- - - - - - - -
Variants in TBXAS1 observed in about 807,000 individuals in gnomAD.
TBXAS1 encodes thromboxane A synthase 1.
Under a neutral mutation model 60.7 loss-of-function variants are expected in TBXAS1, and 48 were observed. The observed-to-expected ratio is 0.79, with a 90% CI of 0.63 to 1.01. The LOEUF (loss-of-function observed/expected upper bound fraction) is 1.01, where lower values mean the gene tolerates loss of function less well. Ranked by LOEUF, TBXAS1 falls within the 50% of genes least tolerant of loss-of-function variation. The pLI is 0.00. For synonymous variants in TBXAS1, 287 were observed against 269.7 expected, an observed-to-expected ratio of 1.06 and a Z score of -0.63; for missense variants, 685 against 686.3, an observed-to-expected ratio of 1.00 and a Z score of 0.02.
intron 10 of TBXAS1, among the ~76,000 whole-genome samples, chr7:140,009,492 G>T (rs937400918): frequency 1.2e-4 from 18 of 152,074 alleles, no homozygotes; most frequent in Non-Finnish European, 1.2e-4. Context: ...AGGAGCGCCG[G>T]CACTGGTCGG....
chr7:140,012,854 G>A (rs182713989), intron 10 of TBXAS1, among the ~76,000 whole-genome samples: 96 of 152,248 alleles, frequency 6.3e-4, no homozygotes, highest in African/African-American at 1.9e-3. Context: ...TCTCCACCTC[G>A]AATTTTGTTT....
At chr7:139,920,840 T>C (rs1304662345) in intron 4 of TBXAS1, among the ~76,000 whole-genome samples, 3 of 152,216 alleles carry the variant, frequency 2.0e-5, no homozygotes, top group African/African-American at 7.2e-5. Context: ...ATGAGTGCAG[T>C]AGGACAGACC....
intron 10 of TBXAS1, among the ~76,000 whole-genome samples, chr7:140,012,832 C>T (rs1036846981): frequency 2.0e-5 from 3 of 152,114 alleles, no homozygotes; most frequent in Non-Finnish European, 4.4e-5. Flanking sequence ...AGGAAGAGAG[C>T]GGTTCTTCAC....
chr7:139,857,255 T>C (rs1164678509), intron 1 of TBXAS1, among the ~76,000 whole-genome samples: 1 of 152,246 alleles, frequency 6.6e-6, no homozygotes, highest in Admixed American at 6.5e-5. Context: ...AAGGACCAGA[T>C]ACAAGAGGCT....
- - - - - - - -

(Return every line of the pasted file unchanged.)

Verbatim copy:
Variants in TBXAS1 observed in about 807,000 individuals in gnomAD.
TBXAS1 encodes thromboxane A synthase 1.
Under a neutral mutation model 60.7 loss-of-function variants are expected in TBXAS1, and 48 were observed. The observed-to-expected ratio is 0.79, with a 90% CI of 0.63 to 1.01. The LOEUF (loss-of-function observed/expected upper bound fraction) is 1.01, where lower values mean the gene tolerates loss of function less well. Ranked by LOEUF, TBXAS1 falls within the 50% of genes least tolerant of loss-of-function variation. The pLI is 0.00. For synonymous variants in TBXAS1, 287 were observed against 269.7 expected, an observed-to-expected ratio of 1.06 and a Z score of -0.63; for missense variants, 685 against 686.3, an observed-to-expected ratio of 1.00 and a Z score of 0.02.
intron 10 of TBXAS1, among the ~76,000 whole-genome samples, chr7:140,009,492 G>T (rs937400918): frequency 1.2e-4 from 18 of 152,074 alleles, no homozygotes; most frequent in Non-Finnish European, 1.2e-4. Context: ...AGGAGCGCCG[G>T]CACTGGTCGG....
chr7:140,012,854 G>A (rs182713989), intron 10 of TBXAS1, among the ~76,000 whole-genome samples: 96 of 152,248 alleles, frequency 6.3e-4, no homozygotes, highest in African/African-American at 1.9e-3. Context: ...TCTCCACCTC[G>A]AATTTTGTTT....
At chr7:139,920,840 T>C (rs1304662345) in intron 4 of TBXAS1, among the ~76,000 whole-genome samples, 3 of 152,216 alleles carry the variant, frequency 2.0e-5, no homozygotes, top group African/African-American at 7.2e-5. Context: ...ATGAGTGCAG[T>C]AGGACAGACC....
intron 10 of TBXAS1, among the ~76,000 whole-genome samples, chr7:140,012,832 C>T (rs1036846981): frequency 2.0e-5 from 3 of 152,114 alleles, no homozygotes; most frequent in Non-Finnish European, 4.4e-5. Flanking sequence ...AGGAAGAGAG[C>T]GGTTCTTCAC....
chr7:139,857,255 T>C (rs1164678509), intron 1 of TBXAS1, among the ~76,000 whole-genome samples: 1 of 152,246 alleles, frequency 6.6e-6, no homozygotes, highest in Admixed American at 6.5e-5. Context: ...AAGGACCAGA[T>C]ACAAGAGGCT....